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Is there a genetic link to dementia?

Most cases of dementia are not directly caused by genetics and instead result from a combination of risk factors, but there are some forms where genetics play a key role.

Volunteer Stories: Marianne

Marianne describes what a cohort is and her experience of being in one.

Volunteer Stories: Andy and Tish

The couple share their experience of taking part in dementia research during the COVID-19 pandemic.

Volunteer Stories: Sally

Sally tells her story of why she wanted to volunteer and her experience of taking part in dementia research.

10 actions you can take this Dementia Action Week

Dementia Action Week is a national initiative led by Alzheimer’s Society to encourage people to take action to improve the lives of people living with dementia.

What is cognition?

The words 'cognition' and 'cognitive' crop up a lot in the field of dementia – but what do they really mean?

Amyloid and tau: the proteins involved in dementia

There are two main proteins thought to interfere with the communication between brain cells in certain dementias – tau and amyloid.

Diet and dementia

We've looked at the evidence surrounding the reported benefits of different foods for preventing and delaying dementia.

Dementia's relationship with Parkinson's

There are two types of dementia closely related to Parkinson's disease: dementia with Lewy bodies and Parkinson's dementia.

The time is right to focus on pre-clinical dementia

Writing in The Conversation, DPUK's clinician-researcher Dr Ivan Koychev says now is the time to focus on tackling dementia before symptoms start to appear.

Leaving the lab but not the field: research-related careers in dementia

To mark Dementia Researcher’s careers festival (part of National Careers Week in the UK), we spoke to four people who moved from a research career into roles including science communication and project management.

New podcast: Increasing diversity in dementia research

In our latest podcast, we speak to Feyi Raimi-Abraham, founder of the Black Dementia Company.

Frontotemporal dementia: a common form of young-onset dementia

Frontotemporal dementia (FTD) is the second most common form of young-onset dementia, with several different subtypes involving changes in behaviour, personality and language skills.

DPUK Data Portal showcased in new podcast for early-career researchers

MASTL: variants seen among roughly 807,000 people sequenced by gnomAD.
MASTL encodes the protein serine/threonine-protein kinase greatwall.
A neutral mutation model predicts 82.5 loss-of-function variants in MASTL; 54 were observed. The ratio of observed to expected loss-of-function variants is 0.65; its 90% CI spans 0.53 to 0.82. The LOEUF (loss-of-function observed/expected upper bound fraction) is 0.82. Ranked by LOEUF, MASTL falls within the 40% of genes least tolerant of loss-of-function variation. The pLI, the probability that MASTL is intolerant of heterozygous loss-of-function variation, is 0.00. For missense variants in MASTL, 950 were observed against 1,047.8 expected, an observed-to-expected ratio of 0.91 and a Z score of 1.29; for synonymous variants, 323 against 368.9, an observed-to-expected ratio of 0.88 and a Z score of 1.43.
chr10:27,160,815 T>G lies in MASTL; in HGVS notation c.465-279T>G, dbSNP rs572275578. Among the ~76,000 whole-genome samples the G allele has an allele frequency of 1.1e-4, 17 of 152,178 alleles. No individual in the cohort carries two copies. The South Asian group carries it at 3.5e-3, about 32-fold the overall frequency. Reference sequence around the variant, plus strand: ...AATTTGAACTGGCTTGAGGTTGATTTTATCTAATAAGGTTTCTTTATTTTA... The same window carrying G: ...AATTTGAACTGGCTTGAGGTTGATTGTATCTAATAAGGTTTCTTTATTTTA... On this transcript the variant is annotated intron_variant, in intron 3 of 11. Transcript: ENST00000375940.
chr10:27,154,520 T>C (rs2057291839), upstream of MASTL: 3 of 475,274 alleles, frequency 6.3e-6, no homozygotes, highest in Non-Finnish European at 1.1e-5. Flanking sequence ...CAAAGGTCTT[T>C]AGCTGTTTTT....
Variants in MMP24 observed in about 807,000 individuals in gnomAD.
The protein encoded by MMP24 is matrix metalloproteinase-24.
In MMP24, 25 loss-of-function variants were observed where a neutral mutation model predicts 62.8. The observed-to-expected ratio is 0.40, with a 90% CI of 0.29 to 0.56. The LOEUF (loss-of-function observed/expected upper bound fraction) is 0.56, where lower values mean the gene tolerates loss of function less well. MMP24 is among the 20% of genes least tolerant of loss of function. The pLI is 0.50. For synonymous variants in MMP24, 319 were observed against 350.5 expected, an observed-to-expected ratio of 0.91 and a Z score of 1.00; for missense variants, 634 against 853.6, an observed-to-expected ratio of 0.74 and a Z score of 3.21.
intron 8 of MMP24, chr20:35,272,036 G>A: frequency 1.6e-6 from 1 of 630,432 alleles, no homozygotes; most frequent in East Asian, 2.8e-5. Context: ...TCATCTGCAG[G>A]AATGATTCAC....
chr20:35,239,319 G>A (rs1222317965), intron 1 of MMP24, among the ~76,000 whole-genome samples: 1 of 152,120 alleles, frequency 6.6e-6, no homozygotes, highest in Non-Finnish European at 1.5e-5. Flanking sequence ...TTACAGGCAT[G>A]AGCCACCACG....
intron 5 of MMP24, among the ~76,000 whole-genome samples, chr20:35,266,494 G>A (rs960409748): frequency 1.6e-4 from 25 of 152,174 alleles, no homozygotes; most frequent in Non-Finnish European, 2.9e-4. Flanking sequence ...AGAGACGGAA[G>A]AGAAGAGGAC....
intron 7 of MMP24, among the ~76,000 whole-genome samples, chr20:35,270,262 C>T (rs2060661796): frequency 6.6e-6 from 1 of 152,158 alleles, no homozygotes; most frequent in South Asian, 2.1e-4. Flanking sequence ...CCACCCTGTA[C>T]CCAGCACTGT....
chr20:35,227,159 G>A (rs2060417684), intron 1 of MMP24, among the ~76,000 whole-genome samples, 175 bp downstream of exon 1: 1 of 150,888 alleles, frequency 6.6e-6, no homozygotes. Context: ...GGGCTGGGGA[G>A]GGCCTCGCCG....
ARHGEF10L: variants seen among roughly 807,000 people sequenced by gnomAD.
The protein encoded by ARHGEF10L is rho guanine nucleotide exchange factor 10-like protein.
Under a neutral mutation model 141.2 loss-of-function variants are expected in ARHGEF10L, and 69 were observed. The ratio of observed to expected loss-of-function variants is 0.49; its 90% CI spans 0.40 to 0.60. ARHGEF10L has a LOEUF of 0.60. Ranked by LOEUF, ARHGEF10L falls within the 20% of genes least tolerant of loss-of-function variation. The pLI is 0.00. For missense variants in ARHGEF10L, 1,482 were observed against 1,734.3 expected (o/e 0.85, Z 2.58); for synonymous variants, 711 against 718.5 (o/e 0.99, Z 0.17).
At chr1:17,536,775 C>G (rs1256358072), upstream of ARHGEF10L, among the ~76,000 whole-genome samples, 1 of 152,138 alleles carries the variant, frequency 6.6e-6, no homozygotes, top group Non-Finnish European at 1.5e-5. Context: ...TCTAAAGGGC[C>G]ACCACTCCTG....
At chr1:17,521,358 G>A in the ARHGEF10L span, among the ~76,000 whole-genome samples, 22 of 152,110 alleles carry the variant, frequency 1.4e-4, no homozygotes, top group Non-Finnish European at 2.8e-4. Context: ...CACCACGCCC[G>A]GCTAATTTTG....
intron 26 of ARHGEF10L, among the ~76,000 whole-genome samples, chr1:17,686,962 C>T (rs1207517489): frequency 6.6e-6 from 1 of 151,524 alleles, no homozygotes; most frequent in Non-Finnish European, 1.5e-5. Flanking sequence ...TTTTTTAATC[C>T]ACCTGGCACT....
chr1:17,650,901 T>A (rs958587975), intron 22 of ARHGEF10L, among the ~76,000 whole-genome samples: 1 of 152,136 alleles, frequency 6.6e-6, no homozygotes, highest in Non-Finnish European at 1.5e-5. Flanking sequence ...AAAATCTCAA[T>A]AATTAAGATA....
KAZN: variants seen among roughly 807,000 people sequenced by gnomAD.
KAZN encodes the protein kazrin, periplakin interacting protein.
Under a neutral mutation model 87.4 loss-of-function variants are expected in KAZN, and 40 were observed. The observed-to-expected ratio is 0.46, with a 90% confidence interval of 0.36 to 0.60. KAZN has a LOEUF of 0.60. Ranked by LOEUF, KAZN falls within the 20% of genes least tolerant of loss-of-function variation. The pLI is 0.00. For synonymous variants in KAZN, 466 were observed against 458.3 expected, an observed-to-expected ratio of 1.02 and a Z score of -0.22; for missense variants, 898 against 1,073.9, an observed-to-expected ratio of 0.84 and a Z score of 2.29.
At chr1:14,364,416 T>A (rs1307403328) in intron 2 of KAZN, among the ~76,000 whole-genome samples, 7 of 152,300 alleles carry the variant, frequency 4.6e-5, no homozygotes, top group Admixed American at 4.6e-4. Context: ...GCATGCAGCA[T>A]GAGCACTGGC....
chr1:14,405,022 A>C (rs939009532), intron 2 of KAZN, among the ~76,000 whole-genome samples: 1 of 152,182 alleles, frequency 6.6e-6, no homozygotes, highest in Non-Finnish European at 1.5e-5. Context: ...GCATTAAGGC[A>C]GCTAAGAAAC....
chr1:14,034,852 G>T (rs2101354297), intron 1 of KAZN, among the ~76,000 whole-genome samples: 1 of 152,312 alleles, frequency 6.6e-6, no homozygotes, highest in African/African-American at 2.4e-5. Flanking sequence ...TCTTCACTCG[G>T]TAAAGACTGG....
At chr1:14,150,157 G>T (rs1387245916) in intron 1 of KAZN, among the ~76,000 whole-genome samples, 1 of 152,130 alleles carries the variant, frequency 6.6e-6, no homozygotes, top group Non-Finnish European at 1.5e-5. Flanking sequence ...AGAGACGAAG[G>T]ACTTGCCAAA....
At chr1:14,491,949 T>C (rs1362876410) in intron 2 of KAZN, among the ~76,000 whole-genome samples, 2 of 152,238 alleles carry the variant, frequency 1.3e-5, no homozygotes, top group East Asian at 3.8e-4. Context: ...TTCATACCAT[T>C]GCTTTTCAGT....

In the latest episode of the Dementia Researcher podcast, Dr Sarah Bauermeister and Dr Danielle Newby explain how researchers can use the DPUK Data Portal to generate valuable new insights into dementia.

Sundowning: the condition with symptoms that appear at sunset

Usually seen in people with mid-to-late-stage dementia, sundown syndrome is the appearance of regular behavioural changes such as agitation and confusion around sunset.

Could oestrogen explain why women are more at risk of dementia?

Women are at greater risk of developing dementia than men, and the hormone oestrogen could be a reason why.

Posterior cortical atrophy: a dementia that affects the vision

Posterior cortical atrophy (PCA) is a type of young-onset dementia affecting vision that is caused not by problems with the eyes, but by damage to the back of the brain.

What's it like to take part in a DPUK datathon?

We spoke to Dr Donncha Mullin, a participant in the virtual DPUK datathon held in November 2020, about what it's like to take part in one of these events.

State-of-the-art brain scanners offer ‘incredible opportunities’ for dementia research

At a virtual event hosted by SONA (the Society of Neuroscientists of Africa), DPUK’s Imaging Network lead, Professor Franklin Aigbirhio, explained how PET-MR scanners are enhancing dementia research.

Wernicke-Korsakoff Syndrome: a treatable memory disorder

We most often associate the symptoms of dementia with high-profile conditions such as Alzheimer’s disease or Parkinson’s. But dementia comes in many forms, and has many causes.

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